The Gallic Invasion
The latest in the lucrative Astérix franchise, the £50million Astérix and Obélix: God Save Britannia will open the French Film Festival UK with premieres in four cities – London (Ciné Lumière), Edinburgh (Filmhouse), Glasgow (GFT) and Dundee (DCA) on 8, 9, 10 and 11 November respectively.
The spectacular extravaganza adapted from René Goscinny and Albert Uderzo’s original 1966 comic book Astérix in Britain features a stellar cast with Edouard Baer as Astérix, Gérard Depardieu as his rotund sidekick Obélix and Catherine Deneuve incarnating the Queen of England.
The film only opens in France on 17 October and had its avant-première at the British Film Festival in Dinard, the FFF UK’s opposite number across the Channel.
The fourth instalment of the franchise follows the glorious legions of Rome led by Julius Caesar as they invade Britain. Astérix and Obélix cross the Channel to help Anticlimax and the Queen of the Britons stand strong against the invading Romans. The year is 50 BC and Caesar is hungry for new conquests … but naturally there is a certain resistance.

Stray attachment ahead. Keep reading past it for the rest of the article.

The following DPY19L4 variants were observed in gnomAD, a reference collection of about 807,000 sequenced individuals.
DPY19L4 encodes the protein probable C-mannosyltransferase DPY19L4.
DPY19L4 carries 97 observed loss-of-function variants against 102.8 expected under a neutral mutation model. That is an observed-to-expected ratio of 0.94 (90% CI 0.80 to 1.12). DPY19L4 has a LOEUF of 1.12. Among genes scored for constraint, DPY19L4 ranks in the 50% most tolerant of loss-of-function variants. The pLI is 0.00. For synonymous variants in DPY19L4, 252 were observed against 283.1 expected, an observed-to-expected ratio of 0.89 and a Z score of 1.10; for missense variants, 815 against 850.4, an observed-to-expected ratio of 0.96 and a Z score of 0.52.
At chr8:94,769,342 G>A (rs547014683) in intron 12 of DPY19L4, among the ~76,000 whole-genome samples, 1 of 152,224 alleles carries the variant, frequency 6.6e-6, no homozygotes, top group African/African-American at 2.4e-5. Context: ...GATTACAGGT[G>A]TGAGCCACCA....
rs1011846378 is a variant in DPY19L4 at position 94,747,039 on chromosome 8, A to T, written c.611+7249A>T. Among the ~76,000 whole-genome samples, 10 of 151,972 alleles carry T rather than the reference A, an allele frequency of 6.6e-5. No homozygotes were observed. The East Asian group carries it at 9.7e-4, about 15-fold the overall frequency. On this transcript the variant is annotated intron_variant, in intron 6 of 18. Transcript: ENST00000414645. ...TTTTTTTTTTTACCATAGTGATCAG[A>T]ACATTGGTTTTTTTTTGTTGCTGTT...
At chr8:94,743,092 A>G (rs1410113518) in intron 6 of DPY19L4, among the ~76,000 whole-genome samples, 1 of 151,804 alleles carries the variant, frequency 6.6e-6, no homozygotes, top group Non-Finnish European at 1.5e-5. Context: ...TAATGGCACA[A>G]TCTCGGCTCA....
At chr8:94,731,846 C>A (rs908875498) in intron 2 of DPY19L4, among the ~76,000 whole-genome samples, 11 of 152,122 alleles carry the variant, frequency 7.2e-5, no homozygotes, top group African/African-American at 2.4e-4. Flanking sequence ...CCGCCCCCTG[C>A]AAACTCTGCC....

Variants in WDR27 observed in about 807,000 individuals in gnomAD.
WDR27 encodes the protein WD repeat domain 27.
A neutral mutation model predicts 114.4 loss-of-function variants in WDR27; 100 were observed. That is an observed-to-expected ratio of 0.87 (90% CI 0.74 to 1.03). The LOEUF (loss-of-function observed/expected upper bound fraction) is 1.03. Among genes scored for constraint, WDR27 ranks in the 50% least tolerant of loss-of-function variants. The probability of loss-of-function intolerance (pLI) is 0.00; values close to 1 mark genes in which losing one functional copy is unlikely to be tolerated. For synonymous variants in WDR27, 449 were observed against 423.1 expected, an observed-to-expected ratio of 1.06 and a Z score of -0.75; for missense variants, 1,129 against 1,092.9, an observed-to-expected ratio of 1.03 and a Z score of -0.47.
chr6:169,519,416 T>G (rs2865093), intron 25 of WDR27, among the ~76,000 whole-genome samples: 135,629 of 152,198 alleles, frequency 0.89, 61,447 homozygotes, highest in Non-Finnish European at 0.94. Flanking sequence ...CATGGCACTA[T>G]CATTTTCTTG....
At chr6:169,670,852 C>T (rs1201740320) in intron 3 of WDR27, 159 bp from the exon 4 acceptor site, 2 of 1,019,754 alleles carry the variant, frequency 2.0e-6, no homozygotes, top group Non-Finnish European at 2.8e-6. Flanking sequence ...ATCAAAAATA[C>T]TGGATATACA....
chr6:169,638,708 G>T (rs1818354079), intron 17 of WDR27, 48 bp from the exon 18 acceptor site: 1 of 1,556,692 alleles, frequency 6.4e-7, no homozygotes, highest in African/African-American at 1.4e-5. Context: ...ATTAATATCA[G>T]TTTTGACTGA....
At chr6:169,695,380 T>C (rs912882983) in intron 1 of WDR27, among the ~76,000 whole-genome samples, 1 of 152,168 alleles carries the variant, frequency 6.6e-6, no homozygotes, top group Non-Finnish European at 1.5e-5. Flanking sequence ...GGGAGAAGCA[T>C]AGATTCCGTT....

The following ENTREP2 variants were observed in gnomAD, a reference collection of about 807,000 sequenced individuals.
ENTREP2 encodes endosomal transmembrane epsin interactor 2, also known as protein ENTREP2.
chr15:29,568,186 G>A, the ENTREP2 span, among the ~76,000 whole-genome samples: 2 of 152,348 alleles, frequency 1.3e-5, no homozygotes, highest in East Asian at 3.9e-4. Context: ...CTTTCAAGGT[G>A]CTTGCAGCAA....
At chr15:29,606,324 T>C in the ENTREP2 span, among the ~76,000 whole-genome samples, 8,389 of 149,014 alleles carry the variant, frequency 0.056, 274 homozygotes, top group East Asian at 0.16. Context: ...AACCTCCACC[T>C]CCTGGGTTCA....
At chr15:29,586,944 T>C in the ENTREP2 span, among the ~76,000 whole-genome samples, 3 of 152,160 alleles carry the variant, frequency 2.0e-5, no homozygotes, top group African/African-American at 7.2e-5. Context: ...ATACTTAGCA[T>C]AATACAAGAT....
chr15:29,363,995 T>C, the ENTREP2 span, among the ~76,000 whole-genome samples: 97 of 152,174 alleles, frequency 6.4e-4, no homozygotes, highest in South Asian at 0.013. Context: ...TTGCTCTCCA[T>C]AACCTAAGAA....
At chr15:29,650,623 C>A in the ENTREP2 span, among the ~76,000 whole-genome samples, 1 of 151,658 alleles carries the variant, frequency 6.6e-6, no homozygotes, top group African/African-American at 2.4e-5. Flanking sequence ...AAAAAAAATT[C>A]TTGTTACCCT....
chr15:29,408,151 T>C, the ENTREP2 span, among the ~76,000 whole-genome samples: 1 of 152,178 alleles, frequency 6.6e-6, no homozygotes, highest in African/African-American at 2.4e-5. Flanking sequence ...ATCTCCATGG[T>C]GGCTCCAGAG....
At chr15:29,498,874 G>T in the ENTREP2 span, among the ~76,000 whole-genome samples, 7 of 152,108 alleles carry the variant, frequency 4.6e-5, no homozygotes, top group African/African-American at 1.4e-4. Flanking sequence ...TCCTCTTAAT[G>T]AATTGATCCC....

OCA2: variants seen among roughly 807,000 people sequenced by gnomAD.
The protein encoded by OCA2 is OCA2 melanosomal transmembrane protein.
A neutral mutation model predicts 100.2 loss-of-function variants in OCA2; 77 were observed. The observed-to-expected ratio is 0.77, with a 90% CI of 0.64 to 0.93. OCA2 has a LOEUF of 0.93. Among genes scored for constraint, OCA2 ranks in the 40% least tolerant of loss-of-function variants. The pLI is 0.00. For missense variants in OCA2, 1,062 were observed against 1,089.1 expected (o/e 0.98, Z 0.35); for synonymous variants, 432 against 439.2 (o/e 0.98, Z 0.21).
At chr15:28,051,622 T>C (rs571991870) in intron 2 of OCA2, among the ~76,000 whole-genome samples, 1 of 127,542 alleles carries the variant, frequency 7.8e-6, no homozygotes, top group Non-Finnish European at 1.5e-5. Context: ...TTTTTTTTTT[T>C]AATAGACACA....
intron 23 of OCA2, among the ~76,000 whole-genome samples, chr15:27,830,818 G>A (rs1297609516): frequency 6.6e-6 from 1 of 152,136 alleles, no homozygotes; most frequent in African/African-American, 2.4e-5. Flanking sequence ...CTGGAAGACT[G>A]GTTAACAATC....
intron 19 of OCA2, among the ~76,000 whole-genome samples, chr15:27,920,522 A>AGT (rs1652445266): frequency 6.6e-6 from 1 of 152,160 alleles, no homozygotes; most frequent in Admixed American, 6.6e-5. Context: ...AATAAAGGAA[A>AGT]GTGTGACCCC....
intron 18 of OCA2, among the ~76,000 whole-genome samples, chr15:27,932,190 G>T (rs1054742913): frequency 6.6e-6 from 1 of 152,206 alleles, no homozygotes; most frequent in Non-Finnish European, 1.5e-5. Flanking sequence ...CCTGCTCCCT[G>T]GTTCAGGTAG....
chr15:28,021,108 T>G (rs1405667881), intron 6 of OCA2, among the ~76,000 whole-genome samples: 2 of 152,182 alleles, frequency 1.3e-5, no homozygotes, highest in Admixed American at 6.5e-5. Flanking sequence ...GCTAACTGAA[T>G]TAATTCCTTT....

Like Braveheart before it, the production was partly filmed in Ireland doubling for Scottish locations.
The Festival organisers have invited guests from the film team – and await confirmations.
The 20th edition of the annual Festival (from 8 November to 2 December) which originally began in Scotland’s leading cinemas Edinburgh Filmhouse and Glasgow Film Theatre before encompassing many other location across the UK including a strong London, features a bumper programme of retrospectives and tributes (Chantal Akerman and Jacques Demy) and particular close-ups on aspects of francophone cinema with a special Québec strand.
Richard Mowe, director and co-founder of the event said “It’s difficult to believe that two decades have flown by – almost in a flash.” Mowe who has received one of France’s highest honours (Officier dans l’Ordre des Arts et Lettres from the Ministry of Culture) for his work, continued: “After The Artist and Untouchable French cinema is on roll. The new Astérix will set us off with a high profile bang – and the rest of the programme is as vital and varied as ever.”